If you are:
Outside with no shelter
Lie flat in a nearby ditch or depression and cover your head with your hands. Be aware of the potential for flooding.
Do not get under an overpass or bridge. You are safer in a low, flat location.
Never try to outrun a tornado in urban or congested areas in a car or truck. Instead, leave the vehicle immediately for safe shelter.
Watch out for flying debris. Flying debris from tornadoes causes most fatalities and injuries.

What To Do After a Tornado:

Recovering from a disaster is usually a gradual process. Safety is a primary issue, as are mental and physical well-being. If assistance is available, knowing how to access it makes the process faster and less stressful. This section offers some general advice on steps to take after disaster strikes in order to begin getting your home, your community, and your life back to normal.

Tornado Myths:

MYTH: Areas near rivers, lakes, and mountains are safe from tornadoes. 
FACT: No place is safe from tornadoes. In the late 1980's, a tornado swept through Yellowstone National Park leaving a path of destruction up and down a 10,000 ft. mountain.

MYTH: The low pressure with a tornado causes buildings to "explode" as the tornado passes overhead.
FACT: Violent winds and debris slamming into buildings cause most structural damage.

MYTH: Windows should be opened before a tornado approaches to equalize pressure and minimize damage.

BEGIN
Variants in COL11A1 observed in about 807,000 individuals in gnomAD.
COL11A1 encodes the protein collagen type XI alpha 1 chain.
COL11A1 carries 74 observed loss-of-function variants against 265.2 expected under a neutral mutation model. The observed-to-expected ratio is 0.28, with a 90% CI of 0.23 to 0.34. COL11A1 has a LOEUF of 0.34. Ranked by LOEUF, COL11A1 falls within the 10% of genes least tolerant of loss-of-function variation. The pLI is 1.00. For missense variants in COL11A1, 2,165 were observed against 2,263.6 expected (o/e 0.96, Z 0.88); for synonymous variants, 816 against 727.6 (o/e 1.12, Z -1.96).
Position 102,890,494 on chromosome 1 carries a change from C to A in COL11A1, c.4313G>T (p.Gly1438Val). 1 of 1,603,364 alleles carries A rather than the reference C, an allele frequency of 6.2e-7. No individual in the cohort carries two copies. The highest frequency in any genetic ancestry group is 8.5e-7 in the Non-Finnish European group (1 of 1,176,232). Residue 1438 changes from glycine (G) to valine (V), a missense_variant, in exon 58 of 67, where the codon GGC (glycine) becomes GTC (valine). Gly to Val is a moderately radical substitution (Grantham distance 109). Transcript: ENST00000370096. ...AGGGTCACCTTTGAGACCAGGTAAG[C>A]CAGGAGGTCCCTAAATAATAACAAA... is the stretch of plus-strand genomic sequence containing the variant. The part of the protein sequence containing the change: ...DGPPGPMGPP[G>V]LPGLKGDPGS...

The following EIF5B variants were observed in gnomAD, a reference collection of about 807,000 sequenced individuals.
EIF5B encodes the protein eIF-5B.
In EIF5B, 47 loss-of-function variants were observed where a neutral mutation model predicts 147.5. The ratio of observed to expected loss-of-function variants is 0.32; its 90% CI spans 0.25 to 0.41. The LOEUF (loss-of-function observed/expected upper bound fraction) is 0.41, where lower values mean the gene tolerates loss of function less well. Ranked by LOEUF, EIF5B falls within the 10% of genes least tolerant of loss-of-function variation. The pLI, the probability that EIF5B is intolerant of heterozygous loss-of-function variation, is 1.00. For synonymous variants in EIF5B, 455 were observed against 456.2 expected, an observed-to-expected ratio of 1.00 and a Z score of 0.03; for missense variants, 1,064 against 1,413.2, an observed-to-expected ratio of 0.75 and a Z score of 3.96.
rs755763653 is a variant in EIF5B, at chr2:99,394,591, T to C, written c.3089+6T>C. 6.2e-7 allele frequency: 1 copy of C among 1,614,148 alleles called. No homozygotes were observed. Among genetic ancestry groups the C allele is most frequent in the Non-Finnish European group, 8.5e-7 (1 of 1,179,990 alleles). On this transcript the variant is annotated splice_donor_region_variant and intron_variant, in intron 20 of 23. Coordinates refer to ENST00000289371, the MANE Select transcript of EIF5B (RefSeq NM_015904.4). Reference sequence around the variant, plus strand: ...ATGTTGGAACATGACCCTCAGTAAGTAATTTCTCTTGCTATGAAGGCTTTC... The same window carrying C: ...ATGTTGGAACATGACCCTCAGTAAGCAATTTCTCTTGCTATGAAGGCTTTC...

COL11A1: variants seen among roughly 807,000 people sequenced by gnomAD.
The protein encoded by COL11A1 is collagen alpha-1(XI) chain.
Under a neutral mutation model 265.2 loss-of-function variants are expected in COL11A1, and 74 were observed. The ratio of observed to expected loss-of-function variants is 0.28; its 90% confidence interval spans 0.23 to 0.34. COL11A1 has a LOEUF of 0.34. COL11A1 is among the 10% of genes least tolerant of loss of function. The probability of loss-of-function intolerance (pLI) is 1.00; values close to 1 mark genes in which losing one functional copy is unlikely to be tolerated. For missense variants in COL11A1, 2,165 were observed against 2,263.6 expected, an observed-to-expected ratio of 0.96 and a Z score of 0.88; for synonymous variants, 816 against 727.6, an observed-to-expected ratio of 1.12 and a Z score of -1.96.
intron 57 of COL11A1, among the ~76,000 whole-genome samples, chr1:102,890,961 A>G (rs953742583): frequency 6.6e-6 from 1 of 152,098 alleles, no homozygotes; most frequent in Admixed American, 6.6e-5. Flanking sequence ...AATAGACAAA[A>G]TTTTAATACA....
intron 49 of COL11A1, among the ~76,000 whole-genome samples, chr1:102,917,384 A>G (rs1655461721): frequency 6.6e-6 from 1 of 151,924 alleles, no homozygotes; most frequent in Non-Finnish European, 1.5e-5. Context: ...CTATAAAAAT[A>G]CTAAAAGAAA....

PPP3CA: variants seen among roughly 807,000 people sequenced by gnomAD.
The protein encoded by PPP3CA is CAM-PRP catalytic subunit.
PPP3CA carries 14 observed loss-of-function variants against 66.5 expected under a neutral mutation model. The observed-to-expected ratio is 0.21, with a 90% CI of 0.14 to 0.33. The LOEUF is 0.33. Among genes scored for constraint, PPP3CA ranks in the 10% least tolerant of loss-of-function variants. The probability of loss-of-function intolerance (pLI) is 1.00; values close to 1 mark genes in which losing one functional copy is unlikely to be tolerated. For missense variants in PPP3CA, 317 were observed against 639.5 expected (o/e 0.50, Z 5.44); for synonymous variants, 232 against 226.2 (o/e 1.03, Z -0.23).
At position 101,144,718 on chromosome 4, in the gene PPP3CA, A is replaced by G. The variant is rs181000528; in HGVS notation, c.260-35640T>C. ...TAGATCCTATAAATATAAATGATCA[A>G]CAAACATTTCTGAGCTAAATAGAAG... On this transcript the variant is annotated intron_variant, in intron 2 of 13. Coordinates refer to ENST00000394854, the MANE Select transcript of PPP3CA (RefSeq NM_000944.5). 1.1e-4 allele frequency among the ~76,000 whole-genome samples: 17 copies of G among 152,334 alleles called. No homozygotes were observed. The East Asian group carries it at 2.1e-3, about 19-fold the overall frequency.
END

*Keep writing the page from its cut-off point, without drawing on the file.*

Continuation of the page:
FACT: Opening windows allows damaging winds to enter the structure. Leave the windows alone; instead, immediately go to a safe place.

How do Tornadoes Develop?

Thunderstorms develop in warm, moist air in advance of eastward-moving cold fronts. These thunderstorms often produce large hail, strong winds, and tornadoes. Tornadoes in the winter and early spring are often associated with strong, frontal systems that form in the Central States and move east. Occasionally, large outbreaks of tornadoes occur with this type of weather pattern. Several states may be affected by numerous severe thunderstorms and tornadoes.

Horizontal Spinning Effect

>Before thunderstorms develop, a change in wind direction and an increase in wind speed with increasing height creates an invisible, horizontal spinning effect in the lower atmosphere.

Rising and Rotating Air

Rising air within the thunderstorm updraft tilts the rotating air from horizontal to vertical.

Area of Rotation

>An area of rotation, 2-6 miles wide, now extends through much of the storm. Most strong and violent tornadoes form within this area of strong rotation.

Tornadoes Take Many Shapes and Sizes

Weak tornado Strong tornado Violent tornado


Weak Tornadoes
  • 69% of all tornadoes
  • Less than 5% of tornado deaths
  • Lifetime 1-10+ minutes
  • Winds less than 110 mph


Strong Tornadoes
  • 29% of all tornadoes
  • Nearly 30% of all tornado deaths
  • May last 20 minutes or longer
  • Winds 110-205 mph


Violent Tornadoes
  • Only 2% of all tornadoes
  • 70 % of all tornado deaths
  • Duration Can exceed 1 hour